• AI-Powered Chatbots: We’ve come a long way from chatbots that offered drop down menus and took a user through a laborious process to answer a single question. Newer chatbots powered by artificial intelligence and natural language processing offer retailers a cheaper, smarter and more efficient way of engaging customers, helping brands deliver everything from 24-hour customer service to personalized product recommendations – all without human intervention.

    Rarecaret, a DTC jeweler, uses an AI-powered chatbot to educate customers about diamonds and other jewels to assist in finding exactly the right piece. The Victoria’s Secret chatbot, VSPINK Kik, not only provides customized lingerie styles, it also matches users with other style bots and bloggers.

  • Mobile:  Smartphones have emerged as the most popular devices for browsing the web, with 51% of people now preferring their phones. A customer-friendly mobile is an absolute must for all retailers.

    Many of the better apps do more than provide just a catalog and a search engine. The video rental company, Redbox, allows users to reserve a movie from their phone, so the DVD is waiting for them when they get to the kiosk.  ASOS, a U.K.-based online apparel company with a global focus allows users to select prices in 15 different currencies, shop for apparel in their size only, and view a short video of a model moving in the clothing.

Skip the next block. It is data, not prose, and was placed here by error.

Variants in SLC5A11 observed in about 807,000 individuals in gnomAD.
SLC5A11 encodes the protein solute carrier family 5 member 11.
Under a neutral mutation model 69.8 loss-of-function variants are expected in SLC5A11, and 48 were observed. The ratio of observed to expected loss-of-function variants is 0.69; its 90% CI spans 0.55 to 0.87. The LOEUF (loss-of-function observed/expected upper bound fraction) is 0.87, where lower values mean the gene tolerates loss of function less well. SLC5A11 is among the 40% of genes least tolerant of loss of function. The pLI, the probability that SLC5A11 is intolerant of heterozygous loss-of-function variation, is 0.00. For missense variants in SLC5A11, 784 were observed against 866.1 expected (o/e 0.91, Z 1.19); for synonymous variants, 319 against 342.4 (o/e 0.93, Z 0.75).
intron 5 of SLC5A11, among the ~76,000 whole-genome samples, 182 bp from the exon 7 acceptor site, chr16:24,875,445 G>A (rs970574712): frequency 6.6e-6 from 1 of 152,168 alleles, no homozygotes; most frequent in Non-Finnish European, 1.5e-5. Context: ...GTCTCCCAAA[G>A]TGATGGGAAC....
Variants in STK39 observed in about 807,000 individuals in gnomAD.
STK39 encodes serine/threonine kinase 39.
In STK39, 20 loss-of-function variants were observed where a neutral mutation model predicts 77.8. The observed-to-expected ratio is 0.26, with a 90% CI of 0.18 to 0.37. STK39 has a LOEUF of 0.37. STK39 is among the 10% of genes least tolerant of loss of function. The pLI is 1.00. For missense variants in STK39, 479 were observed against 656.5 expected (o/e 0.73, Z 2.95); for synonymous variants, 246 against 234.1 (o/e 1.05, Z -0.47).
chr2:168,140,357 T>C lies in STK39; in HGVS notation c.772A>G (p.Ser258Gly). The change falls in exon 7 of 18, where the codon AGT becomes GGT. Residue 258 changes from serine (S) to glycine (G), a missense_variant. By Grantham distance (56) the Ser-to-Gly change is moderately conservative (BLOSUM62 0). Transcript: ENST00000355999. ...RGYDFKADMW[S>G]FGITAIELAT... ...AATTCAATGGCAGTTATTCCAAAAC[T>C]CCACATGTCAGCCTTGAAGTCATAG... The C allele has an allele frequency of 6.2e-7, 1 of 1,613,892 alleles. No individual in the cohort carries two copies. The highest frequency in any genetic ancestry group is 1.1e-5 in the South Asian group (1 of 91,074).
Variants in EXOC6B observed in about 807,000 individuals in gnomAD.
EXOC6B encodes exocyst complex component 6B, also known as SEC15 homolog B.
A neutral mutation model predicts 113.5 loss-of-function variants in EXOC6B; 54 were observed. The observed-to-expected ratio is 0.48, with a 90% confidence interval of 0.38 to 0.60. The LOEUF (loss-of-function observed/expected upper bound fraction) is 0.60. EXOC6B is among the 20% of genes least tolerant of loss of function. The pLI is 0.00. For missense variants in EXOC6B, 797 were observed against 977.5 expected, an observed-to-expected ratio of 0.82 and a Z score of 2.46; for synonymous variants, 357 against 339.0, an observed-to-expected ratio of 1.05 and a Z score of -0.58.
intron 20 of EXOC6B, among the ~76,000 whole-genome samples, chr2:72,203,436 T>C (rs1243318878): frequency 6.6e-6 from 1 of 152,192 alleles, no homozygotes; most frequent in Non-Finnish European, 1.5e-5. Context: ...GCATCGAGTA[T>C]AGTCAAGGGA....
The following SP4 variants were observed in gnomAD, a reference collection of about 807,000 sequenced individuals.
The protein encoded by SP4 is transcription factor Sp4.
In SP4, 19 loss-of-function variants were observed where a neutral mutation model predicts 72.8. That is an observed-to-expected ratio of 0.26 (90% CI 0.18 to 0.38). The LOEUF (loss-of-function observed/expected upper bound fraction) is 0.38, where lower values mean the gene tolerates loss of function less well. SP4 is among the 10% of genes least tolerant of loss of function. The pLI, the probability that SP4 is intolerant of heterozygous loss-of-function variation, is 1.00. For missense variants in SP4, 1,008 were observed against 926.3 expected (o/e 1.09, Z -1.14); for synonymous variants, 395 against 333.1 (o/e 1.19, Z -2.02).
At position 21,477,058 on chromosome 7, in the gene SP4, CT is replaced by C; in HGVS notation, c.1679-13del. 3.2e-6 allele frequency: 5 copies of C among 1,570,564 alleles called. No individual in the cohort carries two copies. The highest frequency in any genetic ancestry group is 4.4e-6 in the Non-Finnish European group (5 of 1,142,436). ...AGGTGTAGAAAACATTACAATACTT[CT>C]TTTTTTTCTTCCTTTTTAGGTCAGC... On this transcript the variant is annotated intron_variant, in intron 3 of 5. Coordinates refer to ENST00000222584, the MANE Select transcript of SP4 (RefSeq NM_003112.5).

• More Video Content: Nothing on social media is as compelling as good video content. The statistics are startling: YouTube users watch a billion hours of video every day. Facebook users view 8 billion videos a day. 82% of Twitter users watch videos from that platform.

    Photographs of products offer a limited amount of information. A video is a great way to show how a product can be used by people.

    Glossier, the DTC cosmetics company, has a very popular YouTube channel with 52 videos of people applying or using their products. Instant Pot, a DTC appliance company, became a sensation in the 2017 holiday season by making videos that showed how easy it was to cook great dishes using the pressure cooker.

The Challenge Ahead

The DTC product category is becoming increasingly crowded. New entrants are constantly emerging and established retailers continue to build a web presence and embrace a DTC approach for a part of their sales.  The challenge for all DTC will be to build a unique marketplace identity through social media channels and continue to find new and better ways to connect with their customers.